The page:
Here’s a round up of a few essays I’ve read recently that I keep returning to. The first few are on writing diverse books, and they complement each other well.
On Writing Diverse Books
The first essay is nearly 20 years old, and it’s incredibly pertinent to contemporary conversations about who is telling stories and about whom. Who Can Tell My Story? by Jacqueline Woodson can serve as a foundational text for anyone who wants to know more about why “Own Voices” books are important.
As a black person, it is easy to tell who has and who has not been inside “my house.” Some say there is a move by people of color to keep whites from writing about us, but this isn’t true. This movement isn’t about white people, it’s about people of color. We want the chance to tell our own stories, to tell them honestly and openly. We don’t want publishers to say, “Well, we already published a book about that,” and then find that it was a book that did not speak the truth about us but rather told someone on the outside’s idea of who we are.
On White Fragility by Justine Larbalestier is about Justine’s experience as a white writer trying to support diverse books. She writes about getting things wrong, feeling hurt and defensive, and then finally beginning to understand the actual problems, why her approach wasn’t helping, and the changes she has made in order to support diverse readers and writers. This is a graceful essay and a model of what it means to be an ally.
We white people tend to judge books individually and not within the wider context of systemic racism. PoC and Indigenous readers don’t have that luxury. They can’t step outside their lived experience. The racism in one particular book might seen mild—or even invisible—to white me, but for the PoC reader who has been bombarded with those tropes over and over and over again, it’s too much.
Debbie Reese’s Not recommended: Michaela MacColl’s THE LOST ONES is the kind of review that Justine mentions in her essay. Debbie describes the ways in which a book both misunderstands and misrepresents Native experience. It’s important for writers to read essays like this not as takedowns but as a way of learning what it means to write from inside a culture. Her points might seem small individually, but taken together, they show how Own Voices books are unique and why they’re so important.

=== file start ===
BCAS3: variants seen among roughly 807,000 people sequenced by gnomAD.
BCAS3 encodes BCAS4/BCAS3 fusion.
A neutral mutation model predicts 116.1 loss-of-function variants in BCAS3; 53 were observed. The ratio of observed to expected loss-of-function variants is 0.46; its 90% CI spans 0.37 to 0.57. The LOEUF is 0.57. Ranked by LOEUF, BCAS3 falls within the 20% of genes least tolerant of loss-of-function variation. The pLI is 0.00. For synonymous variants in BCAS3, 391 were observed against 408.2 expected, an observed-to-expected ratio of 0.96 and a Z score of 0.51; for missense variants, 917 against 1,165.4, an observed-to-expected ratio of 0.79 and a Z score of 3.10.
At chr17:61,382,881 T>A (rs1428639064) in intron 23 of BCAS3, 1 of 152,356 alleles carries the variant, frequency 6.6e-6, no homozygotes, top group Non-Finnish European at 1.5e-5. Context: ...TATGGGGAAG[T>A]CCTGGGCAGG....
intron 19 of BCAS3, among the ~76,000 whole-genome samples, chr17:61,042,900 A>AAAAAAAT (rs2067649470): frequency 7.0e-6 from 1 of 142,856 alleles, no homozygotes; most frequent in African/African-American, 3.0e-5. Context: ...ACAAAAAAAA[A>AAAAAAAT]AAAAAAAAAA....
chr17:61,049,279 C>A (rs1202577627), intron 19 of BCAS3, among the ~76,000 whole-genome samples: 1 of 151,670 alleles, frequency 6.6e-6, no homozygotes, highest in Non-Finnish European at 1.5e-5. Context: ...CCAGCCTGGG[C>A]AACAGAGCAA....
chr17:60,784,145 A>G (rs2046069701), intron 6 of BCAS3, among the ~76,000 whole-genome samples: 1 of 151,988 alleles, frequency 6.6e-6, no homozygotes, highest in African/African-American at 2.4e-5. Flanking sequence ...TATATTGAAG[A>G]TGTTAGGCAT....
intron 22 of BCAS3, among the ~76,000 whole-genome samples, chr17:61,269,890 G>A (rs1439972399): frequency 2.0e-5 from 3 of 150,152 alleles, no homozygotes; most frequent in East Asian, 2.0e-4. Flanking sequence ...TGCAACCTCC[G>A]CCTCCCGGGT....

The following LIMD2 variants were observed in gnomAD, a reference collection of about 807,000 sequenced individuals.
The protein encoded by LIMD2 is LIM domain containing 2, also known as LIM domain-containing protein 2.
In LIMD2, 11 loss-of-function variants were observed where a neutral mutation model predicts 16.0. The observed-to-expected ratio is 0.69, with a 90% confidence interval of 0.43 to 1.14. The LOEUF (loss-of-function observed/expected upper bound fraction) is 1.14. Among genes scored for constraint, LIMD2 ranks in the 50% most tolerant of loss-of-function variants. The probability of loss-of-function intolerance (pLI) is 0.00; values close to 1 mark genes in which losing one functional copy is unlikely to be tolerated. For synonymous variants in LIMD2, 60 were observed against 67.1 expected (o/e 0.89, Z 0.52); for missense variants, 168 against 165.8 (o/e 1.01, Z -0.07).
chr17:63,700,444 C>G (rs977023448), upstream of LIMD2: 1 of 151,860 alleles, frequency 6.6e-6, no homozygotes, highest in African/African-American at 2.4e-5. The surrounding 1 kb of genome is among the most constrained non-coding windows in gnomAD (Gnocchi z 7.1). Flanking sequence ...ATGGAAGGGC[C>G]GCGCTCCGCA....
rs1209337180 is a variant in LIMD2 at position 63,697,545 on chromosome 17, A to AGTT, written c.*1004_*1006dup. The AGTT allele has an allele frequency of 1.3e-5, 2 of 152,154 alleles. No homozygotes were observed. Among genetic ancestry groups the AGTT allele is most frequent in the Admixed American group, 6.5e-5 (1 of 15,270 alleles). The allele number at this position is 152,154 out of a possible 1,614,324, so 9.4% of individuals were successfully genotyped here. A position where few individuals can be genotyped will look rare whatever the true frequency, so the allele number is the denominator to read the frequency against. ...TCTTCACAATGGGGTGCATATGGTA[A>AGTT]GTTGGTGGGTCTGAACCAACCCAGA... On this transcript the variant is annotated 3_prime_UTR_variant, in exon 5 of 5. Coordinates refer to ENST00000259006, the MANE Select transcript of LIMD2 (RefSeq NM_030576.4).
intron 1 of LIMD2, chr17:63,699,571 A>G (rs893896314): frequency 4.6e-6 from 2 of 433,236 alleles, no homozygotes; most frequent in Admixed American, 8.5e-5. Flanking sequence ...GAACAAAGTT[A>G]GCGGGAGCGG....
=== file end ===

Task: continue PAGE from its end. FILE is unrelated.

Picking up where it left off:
MacColl uses an outsider word (“occupied”) when she says, on page 236, that “Lipan Apache occupied southeastern Texas and northern Mexico.” How does a people (in this case, Apaches) “occupy” their own homeland?
In the next paragraph, she writes that the Lipans conducted raids and often killed Texas settlers. She tells us that they “caused an estimated $48,000,000 worth of property damage (measured in today’s dollars)” over a ten year period (p. 237). Most people reading this paragraph will be taken aback by that $48,000,000 of property damage. Sympathies will be with the White settlers. Where, I wonder, is her estimate of what the Lipans lost?
Finally in The Dos and Don’ts of Writing About the Disabled, Nicola Griffith takes on the problem of empathy and where it can go wrong.
Do not assume that empathy equals experience. You might think you know what it’s like, but you don’t.
For example, if you think that using a wheelchair would make you feel trapped, isolated, broken, and shunned, you might assume a wheelchair user regards themselves as trapped, isolated, broken, and shunned. But they might not. For some of us, a wheelchair represents freedom…
And two other essays related to both personal and research interests:
Maria Dahvana Headley and Victor LaValle in Conversation Over Frankenstein by Leah Schnelbach
Victor and Maria were kind enough to meet with me, Katharine Duckett (of Tor.com Publishing), and Irene Gallo for a lunchtime chat about monsters, motherhood, and Promethean desires…
I love everything about that conversation.
Radical Flâneuserie by Lauren Elkin
The flâneuses I found, the ones I wrote my book about, go walking in cities, but often with a purpose: to throw off the weight of their families, their husbands, their social roles, to explore who or what they can be, traveling around the world feeding off the chemical reaction, the flinting spark, provoked by the encounter with the foreign city. Flâneuserie—to coin a term—is about women moving from being looked at to looking. Through movement, we assert our subjectivity.
Really great stuff. I can’t wait to read the book.